|2. Cato, Marcus Porcius, On Agriculture, 56-58 (3rd cent. BCE - 2nd cent. BCE)
Tagged with subjects: • barley • food, barley
Found in books: McGowan (1999), Ascetic Eucharists: Food and Drink in Early Christian Ritual Meals, 37; Richlin (2018), Slave Theater in the Roman Republic: Plautus and Popular Comedy, 129
56 Rations for the hands: Four modii of wheat in winter, and in summer four and a\xa0half for the field hands. The overseer, the housekeeper, the foreman, and the shepherd should receive three. The chain-gang should have a ration of four pounds of bread through the winter, increasing to five when they begin to work the vines, and dropping back to four when the figs ripen.' "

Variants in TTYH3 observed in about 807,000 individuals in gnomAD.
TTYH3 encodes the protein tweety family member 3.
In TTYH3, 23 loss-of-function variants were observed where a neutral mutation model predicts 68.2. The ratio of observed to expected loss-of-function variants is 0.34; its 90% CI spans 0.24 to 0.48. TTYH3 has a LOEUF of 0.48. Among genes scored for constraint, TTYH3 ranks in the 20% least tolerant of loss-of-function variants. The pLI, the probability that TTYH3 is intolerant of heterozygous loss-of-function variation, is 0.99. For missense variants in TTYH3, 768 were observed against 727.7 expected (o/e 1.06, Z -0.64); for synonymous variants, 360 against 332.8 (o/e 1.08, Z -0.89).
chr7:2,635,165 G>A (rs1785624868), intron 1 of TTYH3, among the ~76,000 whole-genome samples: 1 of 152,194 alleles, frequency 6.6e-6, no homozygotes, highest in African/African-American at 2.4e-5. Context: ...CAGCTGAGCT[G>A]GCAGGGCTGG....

56 \xa0Conjecturing, now, that Pompey the Great would make his escape into Egypt or Libya, and being eager to join him, Cato put to sea with all his company and sailed away, after first giving those who had no eagerness for the expedition leave to depart and remain behind. After reaching Libya, and while sailing along its coast, he fell in with Sextus, the younger son of Pompey, who told him of his father's death in Egypt. \xa0All, of course, were deeply distressed, but no one, now that Pompey was gone, would even listen to any other commander while Cato was at hand. For this reason also Cato, who had compassion on men who were brave and had given proof of fidelity, and was ashamed to leave them helpless and destitute in a foreign land, undertook the command, and went along the coast to Cyrene, the people of which received him kindly, although a\xa0few days before they had closed their gates against Labienus. \xa0There he learned that Scipio, the father-inâ\x80\x91law of Pompey, had been well received by Juba the king, and that Attius Varus, who had been appointed governor of Libya by Pompey, was with them at the head of an army. Cato therefore set out thither by land in the winter season, having got together a great number of asses to carry water, and driving along with him many cattle. Besides, he took with him chariots, and the people called Psylli. These cure the bites of serpents by sucking out the venom, and charm and deaden the serpents themselves by means of incantations. \xa0Though the march lasted for seven days consecutively, Cato led at the head of his force, without using either horse or beast of burden. Moreover, he used to sup in a sitting posture from the day when he learned of the defeat at Pharsalus; yes, this token of sorrow he added to others, and would not lie down except when sleeping. After finishing the winter in Libya, he led forth his army; and it numbered nearly ten thousand. <"57 Wine ration for the hands: For three months following the vintage let them drink after-wine. In the fourth month issue a hemina a\xa0day, that is, 2½\xa0congii a\xa0month; in the fifth, sixth, seventh, and eighth months a sextarius a\xa0day, that is, 5\xa0congii a\xa0month; in the ninth, tenth, eleventh, and twelfth months 3\xa0heminae a\xa0day, that is, an amphora a\xa0month. In addition, issue 3½\xa0congii per person for the Saturnalia and the Compitalia. Total of wine for each person per year, 7\xa0quadrantals; and an additional amount for the chain-gang proportioned to their work. Ten quadrantals of wine per person is not an excessive allowance for the year. 57 \xa0But matters were in a bad way with Scipio and Varus. Their dissension and quarrelling led them to pay court to Juba in efforts to win his favour, and the king was unendurable for the severity of his temper and for the arrogance which his wealth and power gave him. When he was going to have an interview with Cato for the first time, he placed his own seat between that of Scipio and that of Cato. \xa0Cato, however, when he saw the arrangement, took up his own seat and moved it over to the other side, thus placing Scipio in the middle, although Scipio was an enemy, and had published a book which contained abuse of Cato. And yet there are those who give Cato no credit for this, although they censure him because, in Sicily, as he was walking about with Philostratus, he placed him in the middle, to show his respect for philosophy. But at the time of which I\xa0speak, Cato actually put a check upon Juba, who had all but made Scipio and Varus his satraps, and reconciled the two Romans. \xa0And though all thought it meet that he should have the command, especially Scipio and Varus, who resigned and tendered to him the leadership, he refused to break the laws to support which they were waging war with one who broke them, nor, when a pro-consul was present, would he put himself, who was only a pro-praetor, above him. For Scipio had been made pro-consul, and the greater part of the army were emboldened by his name; they thought that they would be successful if a Scipio had command in Africa. < 58 Relish for the hands: Store all the windfall olives you can, and later the mature olives which will yield very little oil. Issue them sparingly and make them last as long as possible. When they are used up, issue fish-pickle and vinegar, and a pint of oil a\xa0month per person. A\xa0modius of salt a\xa0year per person is sufficient. 58 \xa0When Scipio, however, after assuming the command, straightway desired to gratify Juba by putting all the people of Utica to death and demolishing their city, on the ground that it favoured the cause of Caesar, Cato would not suffer it, but by adjurations and loud outcries in the council, and by invoking the gods, with difficulty rescued the people from this cruelty; \xa0and partly at the request of the people, and partly at the instance of Scipio, he undertook to watch over the city, that it might not, either willingly or unwillingly, attach itself to Caesar. For the place was in every way advantageous for those who held it, and fully capable of defence; and it was still further strengthened by Cato. For he brought in a great abundance of grain, and perfected the walls by building towers and by running formidable trenches and palisades in front of the city. \xa0To the men of Utica who were of military age he assigned the palisades for quarters, and made them give up their arms to him; the rest he kept together in the city, taking great pains that they should not be wronged or suffer harm at the hands of the Romans. Moreover, he sent out great quantities of arms and stores and grain to the Romans in their camp, and, in a word, made the city a store-house for the war. \xa0But as for the advice which he had given Pompey before and now gave Scipio, namely, not to give battle to a man who was versed in war and of formidable ability, but to trust to time, which withers away all the vigour which is the strength of tyranny, â\x80\x94 this advice Scipio, out of obstinate self-will, despised. And once he wrote to Cato reproaching him with cowardice, seeing that he was not only well content to sit quietly in a walled city himself, but would not even allow others to carry out their plans with boldness as opportunity offered. \xa0To this Cato wrote in reply that he was ready to take the legionaries and the horsemen whom he himself had brought to Libya and cross the sea with them to Italy, thus forcing Caesar to change his plan of campaign, and turning him away from Scipio and Varus against himself. When Scipio mocked at this also, it was very clear that Cato was distressed at having declined the command, being convinced that Scipio would neither conduct the war well, nor, in case he should have unexpected good fortune, behave with moderation towards his fellow citizens in the hour of victory. \xa0Therefore Cato made up his mind, and said to his intimate friends, that there were no good hopes for the war owing to the inexperience and rashness of the commanders; but that if, then, by any good fortune, Caesar should be overthrown, he himself would not remain in Rome, but would fly from the harshness and cruelty of Scipio, who was even then making extravagant and dreadful threats against many. \xa0But his fears were realized more fully than he expected; for late one evening there came a messenger from the camp who had been three days on the road, announcing that there had been a great battle at Thapsus, that their cause was utterly ruined, that Caesar was in possession of their camps, that Scipio and Juba had escaped with a\xa0few followers, and that the rest of his force had perished. < ' None